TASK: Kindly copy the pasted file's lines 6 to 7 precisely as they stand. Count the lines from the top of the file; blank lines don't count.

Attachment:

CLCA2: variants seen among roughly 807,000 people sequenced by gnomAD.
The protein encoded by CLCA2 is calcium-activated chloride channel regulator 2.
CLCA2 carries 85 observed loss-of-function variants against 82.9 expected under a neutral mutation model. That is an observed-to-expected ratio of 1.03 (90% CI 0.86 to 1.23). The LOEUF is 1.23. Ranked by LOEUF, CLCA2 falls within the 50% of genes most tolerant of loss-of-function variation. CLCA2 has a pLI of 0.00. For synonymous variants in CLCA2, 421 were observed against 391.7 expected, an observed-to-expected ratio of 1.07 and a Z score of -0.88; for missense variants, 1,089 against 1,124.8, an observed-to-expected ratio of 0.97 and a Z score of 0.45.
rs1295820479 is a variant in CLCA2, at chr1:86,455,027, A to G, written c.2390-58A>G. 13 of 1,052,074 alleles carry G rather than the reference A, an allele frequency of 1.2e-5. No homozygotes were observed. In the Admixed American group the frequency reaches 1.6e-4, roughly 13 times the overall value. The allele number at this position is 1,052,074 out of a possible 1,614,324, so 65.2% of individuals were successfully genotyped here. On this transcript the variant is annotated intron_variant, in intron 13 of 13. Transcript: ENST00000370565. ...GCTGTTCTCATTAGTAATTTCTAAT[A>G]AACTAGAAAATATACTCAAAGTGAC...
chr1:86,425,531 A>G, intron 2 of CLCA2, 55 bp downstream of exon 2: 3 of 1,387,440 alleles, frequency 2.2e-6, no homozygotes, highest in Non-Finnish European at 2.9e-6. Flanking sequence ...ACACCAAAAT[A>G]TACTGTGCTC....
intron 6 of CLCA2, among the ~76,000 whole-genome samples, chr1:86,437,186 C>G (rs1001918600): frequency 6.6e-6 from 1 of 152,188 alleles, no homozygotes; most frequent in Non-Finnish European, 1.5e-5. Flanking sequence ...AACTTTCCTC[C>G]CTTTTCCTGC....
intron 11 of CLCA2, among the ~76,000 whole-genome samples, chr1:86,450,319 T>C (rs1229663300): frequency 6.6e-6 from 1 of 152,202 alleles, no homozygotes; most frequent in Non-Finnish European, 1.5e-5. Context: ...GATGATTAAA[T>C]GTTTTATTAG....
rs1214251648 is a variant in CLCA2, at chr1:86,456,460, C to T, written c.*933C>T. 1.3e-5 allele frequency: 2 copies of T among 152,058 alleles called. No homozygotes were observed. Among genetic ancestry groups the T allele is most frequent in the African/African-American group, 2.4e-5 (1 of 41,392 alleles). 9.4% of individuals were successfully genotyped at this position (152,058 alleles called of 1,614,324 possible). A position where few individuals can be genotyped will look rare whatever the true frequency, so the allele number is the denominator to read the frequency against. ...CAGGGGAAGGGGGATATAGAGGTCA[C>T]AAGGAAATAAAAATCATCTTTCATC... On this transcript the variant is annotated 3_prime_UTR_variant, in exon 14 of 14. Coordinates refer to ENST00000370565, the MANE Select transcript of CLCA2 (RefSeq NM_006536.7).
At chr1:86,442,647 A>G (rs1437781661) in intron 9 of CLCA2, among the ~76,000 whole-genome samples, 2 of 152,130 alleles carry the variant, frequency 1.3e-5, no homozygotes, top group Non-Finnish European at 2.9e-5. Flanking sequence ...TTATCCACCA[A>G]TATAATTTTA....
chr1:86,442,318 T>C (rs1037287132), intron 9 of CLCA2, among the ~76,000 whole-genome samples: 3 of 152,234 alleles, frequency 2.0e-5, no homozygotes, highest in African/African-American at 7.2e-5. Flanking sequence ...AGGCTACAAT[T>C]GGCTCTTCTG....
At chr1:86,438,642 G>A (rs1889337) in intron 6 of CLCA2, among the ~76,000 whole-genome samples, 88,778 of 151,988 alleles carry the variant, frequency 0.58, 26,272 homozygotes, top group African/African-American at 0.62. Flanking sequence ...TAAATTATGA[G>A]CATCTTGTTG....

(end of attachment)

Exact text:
intron 6 of CLCA2, among the ~76,000 whole-genome samples, chr1:86,437,186 C>G (rs1001918600): frequency 6.6e-6 from 1 of 152,188 alleles, no homozygotes; most frequent in Non-Finnish European, 1.5e-5. Flanking sequence ...AACTTTCCTC[C>G]CTTTTCCTGC....
intron 11 of CLCA2, among the ~76,000 whole-genome samples, chr1:86,450,319 T>C (rs1229663300): frequency 6.6e-6 from 1 of 152,202 alleles, no homozygotes; most frequent in Non-Finnish European, 1.5e-5. Context: ...GATGATTAAA[T>C]GTTTTATTAG....